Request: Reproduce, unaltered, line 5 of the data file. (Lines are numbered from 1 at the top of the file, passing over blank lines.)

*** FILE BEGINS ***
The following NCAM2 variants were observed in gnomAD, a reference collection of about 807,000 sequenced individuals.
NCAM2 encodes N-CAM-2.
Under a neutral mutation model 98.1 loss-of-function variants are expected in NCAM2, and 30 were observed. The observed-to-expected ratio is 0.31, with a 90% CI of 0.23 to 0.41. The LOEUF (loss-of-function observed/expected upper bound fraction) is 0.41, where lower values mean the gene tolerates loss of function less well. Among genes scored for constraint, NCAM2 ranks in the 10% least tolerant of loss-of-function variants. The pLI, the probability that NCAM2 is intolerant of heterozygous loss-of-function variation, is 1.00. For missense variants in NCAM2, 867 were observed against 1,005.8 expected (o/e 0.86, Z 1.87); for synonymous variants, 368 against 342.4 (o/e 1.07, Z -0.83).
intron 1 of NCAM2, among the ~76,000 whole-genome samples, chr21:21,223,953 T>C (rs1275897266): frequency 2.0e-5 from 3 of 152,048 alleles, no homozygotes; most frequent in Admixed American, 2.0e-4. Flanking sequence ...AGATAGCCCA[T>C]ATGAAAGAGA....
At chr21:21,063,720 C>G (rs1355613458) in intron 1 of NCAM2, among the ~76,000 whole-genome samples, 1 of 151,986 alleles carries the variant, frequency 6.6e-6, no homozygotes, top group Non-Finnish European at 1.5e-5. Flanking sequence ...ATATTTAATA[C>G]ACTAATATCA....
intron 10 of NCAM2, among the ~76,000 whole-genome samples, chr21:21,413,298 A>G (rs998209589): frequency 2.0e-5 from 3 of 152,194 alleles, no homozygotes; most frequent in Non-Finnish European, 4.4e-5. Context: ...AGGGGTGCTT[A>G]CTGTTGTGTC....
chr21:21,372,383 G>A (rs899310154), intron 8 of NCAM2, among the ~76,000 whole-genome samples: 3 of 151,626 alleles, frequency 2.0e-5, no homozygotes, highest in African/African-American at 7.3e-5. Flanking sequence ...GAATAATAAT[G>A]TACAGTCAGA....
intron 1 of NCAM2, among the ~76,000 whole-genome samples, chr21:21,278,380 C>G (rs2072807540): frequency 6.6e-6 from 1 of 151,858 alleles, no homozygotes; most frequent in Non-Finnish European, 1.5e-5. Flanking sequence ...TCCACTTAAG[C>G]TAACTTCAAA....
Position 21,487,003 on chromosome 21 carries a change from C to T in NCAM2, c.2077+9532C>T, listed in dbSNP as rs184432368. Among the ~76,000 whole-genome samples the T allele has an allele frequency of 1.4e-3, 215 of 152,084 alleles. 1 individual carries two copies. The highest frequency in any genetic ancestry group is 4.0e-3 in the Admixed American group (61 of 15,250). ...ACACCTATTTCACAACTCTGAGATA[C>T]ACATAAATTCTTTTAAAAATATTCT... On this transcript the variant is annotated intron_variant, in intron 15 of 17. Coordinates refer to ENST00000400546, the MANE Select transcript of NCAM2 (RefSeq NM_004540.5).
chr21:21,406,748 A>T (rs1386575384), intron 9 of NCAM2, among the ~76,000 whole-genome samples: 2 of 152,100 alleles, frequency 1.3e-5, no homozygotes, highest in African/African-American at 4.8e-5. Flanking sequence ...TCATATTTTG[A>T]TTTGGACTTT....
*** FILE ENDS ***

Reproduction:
At chr21:21,063,720 C>G (rs1355613458) in intron 1 of NCAM2, among the ~76,000 whole-genome samples, 1 of 151,986 alleles carries the variant, frequency 6.6e-6, no homozygotes, top group Non-Finnish European at 1.5e-5. Flanking sequence ...ATATTTAATA[C>G]ACTAATATCA....